Santa Monica council members approved resolutions last Tuesday that would formally place on the ballot a proposed City Charter amendment to alter Santa Monica’s rent control law.
The council directed staff last week to return to chambers with prepared resolutions of how the City Charter would be amended. Those resolutions were formally adopted Tuesday evening.
The resolutions were approved one week after the council considered a Rent Control Board request to place on the November ballot an initiative that would amend the City Charter to set ceilings on charged rents and make it easier to understand how annual adjustments are made.
If approved by Santa Monica voters on Nov. 6, the ballot measure would amend the City Charter to limit general adjustments for rent-controlled units to 75 percent of the annual percentage change of the Consumer Price Index (CPI) with a zero to six percent adjustment range. The Rent Control Board would also have the “discretion, after holding a public hearing, to impose a dollar limit, within that (zero to six percent) range.”
Resolution “A” would present the amendment in question to voters, asking them whether or not they would like to approve the proposed changes to the rent control law.
The proposed proposition would ask: “Shall the City Charter be amended to allow the annual rent control general adjustment to be based on 75 (percent) of the annual percentage change in the Consumer Price Index, but limited to an adjustment between 0 (percent) and 6 (percent); and to give the Rent Control Board discretion, after a public hearing, to impose a dollar limit, within the 0-6 (percent) range, calculated using the same formula employed when imposing a limit under the existing general adjustment formula?
“If adopted, this measure would make less complicated the annual rent control general adjustment process. It would also make the annual adjustment methodology easier to understand,” a City staff report stated.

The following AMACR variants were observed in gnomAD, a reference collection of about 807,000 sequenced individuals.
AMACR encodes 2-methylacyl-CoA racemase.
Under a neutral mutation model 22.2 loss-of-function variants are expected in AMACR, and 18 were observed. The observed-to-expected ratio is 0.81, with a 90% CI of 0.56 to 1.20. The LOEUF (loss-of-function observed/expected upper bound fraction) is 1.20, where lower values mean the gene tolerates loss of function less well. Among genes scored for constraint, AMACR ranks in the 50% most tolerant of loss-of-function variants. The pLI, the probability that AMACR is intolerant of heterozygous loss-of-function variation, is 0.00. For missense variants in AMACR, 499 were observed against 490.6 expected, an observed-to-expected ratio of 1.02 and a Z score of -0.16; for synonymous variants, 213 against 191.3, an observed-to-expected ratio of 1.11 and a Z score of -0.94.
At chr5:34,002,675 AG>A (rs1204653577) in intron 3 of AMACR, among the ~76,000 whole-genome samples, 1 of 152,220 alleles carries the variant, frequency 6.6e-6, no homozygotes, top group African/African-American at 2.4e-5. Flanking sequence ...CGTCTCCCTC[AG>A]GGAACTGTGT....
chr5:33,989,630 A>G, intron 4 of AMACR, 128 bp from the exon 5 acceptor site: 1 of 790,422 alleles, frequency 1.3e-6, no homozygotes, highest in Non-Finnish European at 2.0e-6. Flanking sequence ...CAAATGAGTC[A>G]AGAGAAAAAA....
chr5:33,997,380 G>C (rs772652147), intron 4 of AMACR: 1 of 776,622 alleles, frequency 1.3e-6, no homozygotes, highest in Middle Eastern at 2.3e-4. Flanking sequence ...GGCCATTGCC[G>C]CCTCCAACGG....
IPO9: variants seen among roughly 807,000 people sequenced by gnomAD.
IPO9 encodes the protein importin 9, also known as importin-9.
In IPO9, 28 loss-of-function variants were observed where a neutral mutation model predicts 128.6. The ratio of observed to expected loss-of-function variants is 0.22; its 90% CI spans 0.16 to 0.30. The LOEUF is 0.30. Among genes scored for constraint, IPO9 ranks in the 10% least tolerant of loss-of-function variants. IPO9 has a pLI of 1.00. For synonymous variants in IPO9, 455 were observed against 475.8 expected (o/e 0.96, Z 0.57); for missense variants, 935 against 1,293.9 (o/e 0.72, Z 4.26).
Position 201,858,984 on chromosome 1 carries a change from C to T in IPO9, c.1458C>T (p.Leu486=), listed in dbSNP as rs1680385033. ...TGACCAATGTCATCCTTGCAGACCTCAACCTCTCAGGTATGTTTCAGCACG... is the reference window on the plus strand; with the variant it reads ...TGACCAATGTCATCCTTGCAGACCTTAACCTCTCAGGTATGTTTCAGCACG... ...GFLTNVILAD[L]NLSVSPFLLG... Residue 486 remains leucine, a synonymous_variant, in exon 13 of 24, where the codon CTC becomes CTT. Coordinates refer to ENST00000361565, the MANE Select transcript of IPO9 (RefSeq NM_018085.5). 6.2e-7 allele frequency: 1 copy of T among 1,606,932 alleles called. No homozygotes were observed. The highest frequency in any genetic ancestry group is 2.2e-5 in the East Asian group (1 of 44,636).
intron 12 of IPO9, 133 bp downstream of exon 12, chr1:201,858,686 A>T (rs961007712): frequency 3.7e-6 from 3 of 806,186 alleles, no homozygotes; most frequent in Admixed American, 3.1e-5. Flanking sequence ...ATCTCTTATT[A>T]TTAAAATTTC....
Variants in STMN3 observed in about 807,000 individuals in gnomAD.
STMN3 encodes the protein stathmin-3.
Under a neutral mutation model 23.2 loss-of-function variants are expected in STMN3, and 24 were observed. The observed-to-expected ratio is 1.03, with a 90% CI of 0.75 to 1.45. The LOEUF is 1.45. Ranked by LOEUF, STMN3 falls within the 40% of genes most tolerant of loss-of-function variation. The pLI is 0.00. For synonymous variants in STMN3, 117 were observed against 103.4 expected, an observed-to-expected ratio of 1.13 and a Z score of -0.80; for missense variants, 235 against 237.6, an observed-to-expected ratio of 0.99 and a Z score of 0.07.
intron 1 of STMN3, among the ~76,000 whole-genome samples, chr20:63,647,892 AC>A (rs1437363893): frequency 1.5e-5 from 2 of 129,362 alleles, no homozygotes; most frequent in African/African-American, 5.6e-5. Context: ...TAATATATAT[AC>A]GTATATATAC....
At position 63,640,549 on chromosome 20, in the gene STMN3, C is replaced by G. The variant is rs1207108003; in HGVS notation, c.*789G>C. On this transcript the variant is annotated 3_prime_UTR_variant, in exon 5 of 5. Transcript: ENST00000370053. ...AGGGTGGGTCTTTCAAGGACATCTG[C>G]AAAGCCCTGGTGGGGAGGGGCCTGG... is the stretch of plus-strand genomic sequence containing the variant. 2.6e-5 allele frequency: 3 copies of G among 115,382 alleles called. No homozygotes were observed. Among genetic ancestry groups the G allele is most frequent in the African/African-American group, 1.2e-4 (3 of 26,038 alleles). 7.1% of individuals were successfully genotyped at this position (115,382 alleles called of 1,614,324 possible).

The last time the rent control law was amended was in 1984.
“For nearly thirty years, the Rent Control Board has implemented (the rent control law) by using a complex methodology known as the ‘component ratio to gross rent’ formula,” a staff report said. “However, over the years both the Rent Control Board and its staff have observed that actual changes in expenses may be determined for only a small portion of landlords’ expenses considered under the current methodology.
“Further, the survey process required to determine those expense changes is both costly and time consuming. The Rent Control Board and staff believe that the present formula is so complex that it makes results unpredictable and difficult to understand,” the report continued.
Under law, between one and five council members may be allowed to submit arguments in favor or against the ballot measure. As four council members are up for election in November, Mayor Richard Bloom said the argument could only be written by any of the three other members.
Council member Pam O’Connor opted to draft the argument in favor of the charter amendment; council members Kevin McKeown and Bob Holbrook were also both eligible to draft the argument. McKeown stated he is out of town when the statement is due.
A second resolution – Resolution “B” – was also adopted as part of this agenda item. That resolution “requests that the County of Los Angeles consolidate all aspects of the General Municipal Election with the Statewide General Election, which will also be conducted on November 6, 2012.”